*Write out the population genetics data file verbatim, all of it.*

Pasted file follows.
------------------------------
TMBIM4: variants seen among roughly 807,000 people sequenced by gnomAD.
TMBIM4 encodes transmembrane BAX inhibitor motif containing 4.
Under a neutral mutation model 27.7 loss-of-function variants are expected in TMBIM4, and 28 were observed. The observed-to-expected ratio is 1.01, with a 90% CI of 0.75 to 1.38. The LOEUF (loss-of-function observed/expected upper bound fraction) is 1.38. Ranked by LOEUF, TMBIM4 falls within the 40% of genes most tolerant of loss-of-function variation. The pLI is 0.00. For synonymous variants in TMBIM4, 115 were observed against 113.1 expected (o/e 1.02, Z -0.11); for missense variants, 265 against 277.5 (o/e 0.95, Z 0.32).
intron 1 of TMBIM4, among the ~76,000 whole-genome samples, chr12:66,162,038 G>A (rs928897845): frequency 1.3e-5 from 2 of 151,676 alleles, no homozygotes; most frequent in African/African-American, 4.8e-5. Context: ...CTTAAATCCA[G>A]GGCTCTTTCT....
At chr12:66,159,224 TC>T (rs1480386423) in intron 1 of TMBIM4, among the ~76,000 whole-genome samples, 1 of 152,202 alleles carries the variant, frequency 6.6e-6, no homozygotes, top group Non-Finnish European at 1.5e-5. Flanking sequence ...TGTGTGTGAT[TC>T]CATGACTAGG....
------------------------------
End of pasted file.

TMBIM4: variants seen among roughly 807,000 people sequenced by gnomAD.
TMBIM4 encodes transmembrane BAX inhibitor motif containing 4.
Under a neutral mutation model 27.7 loss-of-function variants are expected in TMBIM4, and 28 were observed. The observed-to-expected ratio is 1.01, with a 90% CI of 0.75 to 1.38. The LOEUF (loss-of-function observed/expected upper bound fraction) is 1.38. Ranked by LOEUF, TMBIM4 falls within the 40% of genes most tolerant of loss-of-function variation. The pLI is 0.00. For synonymous variants in TMBIM4, 115 were observed against 113.1 expected (o/e 1.02, Z -0.11); for missense variants, 265 against 277.5 (o/e 0.95, Z 0.32).
intron 1 of TMBIM4, among the ~76,000 whole-genome samples, chr12:66,162,038 G>A (rs928897845): frequency 1.3e-5 from 2 of 151,676 alleles, no homozygotes; most frequent in African/African-American, 4.8e-5. Context: ...CTTAAATCCA[G>A]GGCTCTTTCT....
At chr12:66,159,224 TC>T (rs1480386423) in intron 1 of TMBIM4, among the ~76,000 whole-genome samples, 1 of 152,202 alleles carries the variant, frequency 6.6e-6, no homozygotes, top group Non-Finnish European at 1.5e-5. Flanking sequence ...TGTGTGTGAT[TC>T]CATGACTAGG....